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Ukrainian refugees may legally stay, work in Poland for 18 months

A woman with two children and carrying bags walk on a street to leave Ukraine after crossing the Slovak-Ukrainian border in Ubla, eastern Slovakia, close to the Ukrainian city of Welykyj Beresnyj following Russia's invasion of the Ukraine. (Photo by PETER LAZAR / AFP)

A woman with two children and carrying bags walk on a street to leave Ukraine after crossing the Slovak-Ukrainian border in Ubla, eastern Slovakia, close to the Ukrainian city of Welykyj Beresnyj following Russia's invasion of the Ukraine. (Photo by PETER LAZAR / AFP)

Published Mar 7, 2022

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Warsaw - Ukrainian refugees will be allowed to stay in Poland legally for 18 months with the possibility of extending this period as set out by a new draft law, Polish Prime Minister Mateusz Morawiecki said on Monday.

Presenting the draft law at a press conference in Warsaw, Morawiecki said that Ukrainian refugees “will be able to stay legally [in Poland ] for 18 months, and will be able to work.”

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He also noted that this period can be extended for another 18 months.

“Refugees from Ukraine should know that they are safe and can live a moderately normal life,” the Polish prime minister added.

In turn, Polish Minister of the Interior and Administration Mariusz Kaminski explained that the right to stay in Poland for 18 months will be guaranteed upon “registration of crossing the border with Ukraine.”

He also said that all refugees will be given an individual personal number providing access to various services, employment and opportunity to register companies in the country.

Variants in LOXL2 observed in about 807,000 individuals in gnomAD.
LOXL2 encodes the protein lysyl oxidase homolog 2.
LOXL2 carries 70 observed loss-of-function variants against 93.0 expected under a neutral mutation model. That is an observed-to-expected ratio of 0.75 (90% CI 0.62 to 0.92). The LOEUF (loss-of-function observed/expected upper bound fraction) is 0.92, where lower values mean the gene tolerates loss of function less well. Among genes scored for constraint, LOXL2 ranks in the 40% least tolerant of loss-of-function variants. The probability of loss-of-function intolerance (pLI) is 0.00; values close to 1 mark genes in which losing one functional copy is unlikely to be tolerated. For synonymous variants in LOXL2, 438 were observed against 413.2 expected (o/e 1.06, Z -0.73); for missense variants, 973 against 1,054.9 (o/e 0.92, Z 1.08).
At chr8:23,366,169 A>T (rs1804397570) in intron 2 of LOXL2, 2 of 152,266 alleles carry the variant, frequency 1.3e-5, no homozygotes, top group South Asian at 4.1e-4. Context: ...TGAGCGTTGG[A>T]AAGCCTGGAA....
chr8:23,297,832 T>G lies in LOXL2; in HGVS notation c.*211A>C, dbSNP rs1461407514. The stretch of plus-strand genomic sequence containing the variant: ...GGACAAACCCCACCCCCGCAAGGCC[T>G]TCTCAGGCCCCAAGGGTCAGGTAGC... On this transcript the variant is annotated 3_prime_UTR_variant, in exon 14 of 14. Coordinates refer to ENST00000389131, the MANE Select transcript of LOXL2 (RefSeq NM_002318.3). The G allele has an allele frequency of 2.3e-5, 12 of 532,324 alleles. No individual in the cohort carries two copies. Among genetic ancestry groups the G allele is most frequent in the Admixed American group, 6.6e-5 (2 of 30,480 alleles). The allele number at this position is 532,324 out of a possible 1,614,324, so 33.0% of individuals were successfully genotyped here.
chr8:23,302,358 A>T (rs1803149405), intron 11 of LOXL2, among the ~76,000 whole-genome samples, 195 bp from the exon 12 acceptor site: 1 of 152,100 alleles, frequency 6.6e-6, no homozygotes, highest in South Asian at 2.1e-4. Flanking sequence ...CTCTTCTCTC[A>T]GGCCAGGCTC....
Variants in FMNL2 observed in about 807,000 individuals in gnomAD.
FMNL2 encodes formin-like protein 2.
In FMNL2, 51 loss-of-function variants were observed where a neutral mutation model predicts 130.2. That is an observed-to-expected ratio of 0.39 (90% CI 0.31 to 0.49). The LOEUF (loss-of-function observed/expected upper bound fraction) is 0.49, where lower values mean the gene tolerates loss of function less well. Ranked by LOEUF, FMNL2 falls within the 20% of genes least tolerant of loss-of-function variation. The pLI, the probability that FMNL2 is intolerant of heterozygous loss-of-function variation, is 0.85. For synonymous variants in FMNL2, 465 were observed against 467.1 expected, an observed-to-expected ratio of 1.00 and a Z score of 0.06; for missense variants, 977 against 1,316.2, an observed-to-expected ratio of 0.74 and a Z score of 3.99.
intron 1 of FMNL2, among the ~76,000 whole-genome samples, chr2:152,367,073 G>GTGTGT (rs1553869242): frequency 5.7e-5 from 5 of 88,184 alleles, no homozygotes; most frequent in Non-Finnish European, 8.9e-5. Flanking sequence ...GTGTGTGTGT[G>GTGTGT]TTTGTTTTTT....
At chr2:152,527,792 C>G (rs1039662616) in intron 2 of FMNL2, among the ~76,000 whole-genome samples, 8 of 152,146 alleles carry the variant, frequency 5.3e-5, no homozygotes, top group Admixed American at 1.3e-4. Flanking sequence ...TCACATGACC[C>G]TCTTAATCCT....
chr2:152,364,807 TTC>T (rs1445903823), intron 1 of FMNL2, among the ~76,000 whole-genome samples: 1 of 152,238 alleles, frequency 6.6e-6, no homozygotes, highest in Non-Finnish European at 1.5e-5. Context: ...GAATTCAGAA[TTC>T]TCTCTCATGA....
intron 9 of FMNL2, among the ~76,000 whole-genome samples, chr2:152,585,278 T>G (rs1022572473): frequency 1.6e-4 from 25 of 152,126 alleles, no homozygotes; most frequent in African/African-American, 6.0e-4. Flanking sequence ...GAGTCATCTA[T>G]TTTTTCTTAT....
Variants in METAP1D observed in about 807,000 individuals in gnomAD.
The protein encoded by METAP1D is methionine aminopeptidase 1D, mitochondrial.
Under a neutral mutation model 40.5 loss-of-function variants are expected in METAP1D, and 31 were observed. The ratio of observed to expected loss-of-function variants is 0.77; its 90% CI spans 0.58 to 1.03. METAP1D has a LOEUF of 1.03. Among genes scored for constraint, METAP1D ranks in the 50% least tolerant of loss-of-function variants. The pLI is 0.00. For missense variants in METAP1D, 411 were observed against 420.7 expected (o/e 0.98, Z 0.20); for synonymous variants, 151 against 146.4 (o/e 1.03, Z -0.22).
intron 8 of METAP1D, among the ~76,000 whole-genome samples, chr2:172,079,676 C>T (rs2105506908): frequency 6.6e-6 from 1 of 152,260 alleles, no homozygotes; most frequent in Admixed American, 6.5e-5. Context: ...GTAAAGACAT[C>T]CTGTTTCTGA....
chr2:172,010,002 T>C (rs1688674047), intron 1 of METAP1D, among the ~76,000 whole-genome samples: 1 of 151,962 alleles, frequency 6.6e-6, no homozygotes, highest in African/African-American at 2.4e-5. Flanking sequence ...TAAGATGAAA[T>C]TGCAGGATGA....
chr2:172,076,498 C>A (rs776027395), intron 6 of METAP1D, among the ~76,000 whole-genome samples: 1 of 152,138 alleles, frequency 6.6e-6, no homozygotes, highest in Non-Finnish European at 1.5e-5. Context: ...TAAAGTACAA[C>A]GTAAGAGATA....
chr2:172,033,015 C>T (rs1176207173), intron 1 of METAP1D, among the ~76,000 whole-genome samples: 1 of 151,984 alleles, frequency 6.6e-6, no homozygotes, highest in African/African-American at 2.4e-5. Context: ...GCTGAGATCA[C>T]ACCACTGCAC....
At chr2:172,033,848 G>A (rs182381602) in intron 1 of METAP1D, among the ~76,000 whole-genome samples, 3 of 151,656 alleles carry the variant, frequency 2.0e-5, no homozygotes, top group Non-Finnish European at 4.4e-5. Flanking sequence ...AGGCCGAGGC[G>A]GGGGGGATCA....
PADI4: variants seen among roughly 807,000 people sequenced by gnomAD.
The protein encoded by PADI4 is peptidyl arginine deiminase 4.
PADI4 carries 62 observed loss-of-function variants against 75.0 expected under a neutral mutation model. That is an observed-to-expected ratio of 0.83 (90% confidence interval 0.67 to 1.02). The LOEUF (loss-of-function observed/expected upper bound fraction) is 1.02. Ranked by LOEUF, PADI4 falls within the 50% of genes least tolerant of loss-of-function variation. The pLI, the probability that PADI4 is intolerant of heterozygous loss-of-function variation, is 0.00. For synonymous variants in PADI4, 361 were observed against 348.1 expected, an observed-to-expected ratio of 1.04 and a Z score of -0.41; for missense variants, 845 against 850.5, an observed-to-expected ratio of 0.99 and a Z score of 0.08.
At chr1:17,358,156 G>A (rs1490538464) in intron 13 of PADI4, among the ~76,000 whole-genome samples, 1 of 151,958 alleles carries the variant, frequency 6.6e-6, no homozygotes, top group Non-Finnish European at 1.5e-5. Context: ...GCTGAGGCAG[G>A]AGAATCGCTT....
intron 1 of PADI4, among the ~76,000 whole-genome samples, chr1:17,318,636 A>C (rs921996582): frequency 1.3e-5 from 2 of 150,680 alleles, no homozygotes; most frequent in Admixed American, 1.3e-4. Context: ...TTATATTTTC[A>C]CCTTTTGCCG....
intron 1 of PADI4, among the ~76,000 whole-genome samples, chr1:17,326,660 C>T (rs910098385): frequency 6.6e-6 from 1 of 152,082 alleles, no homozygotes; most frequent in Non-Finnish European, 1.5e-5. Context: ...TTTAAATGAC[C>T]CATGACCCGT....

In addition, Morawiecki stressed that the law will also guarantee support for Poles temporarily hosting Ukrainian refugees under their roof. According to the prime minister, a Polish citizen will receive 40 zlotys (about $9) per day for every refugee accommodated at home. This support will be provided during two months.

In addition, territorial self-governing bodies will receive support from the budget to ensure refugees' access to education and medicine.

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Over a million Ukrainian citizens have entered Poland since the beginning of Russia's military operation, according to the Polish Border Guard.

On February 24, Russia began a military operation to “denazify” Ukraine, responding to calls for help from the breakaway republics of Donetsk and Luhansk.

The Russian Defense Ministry said the operation is targeting Ukrainian military infrastructure only and the civilian population is not in danger. Moscow says it has no plans to occupy Ukraine. According to the UN refugee agency, more than 1.7 million people have already left Ukraine to neighbouring countries.

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Sputnik

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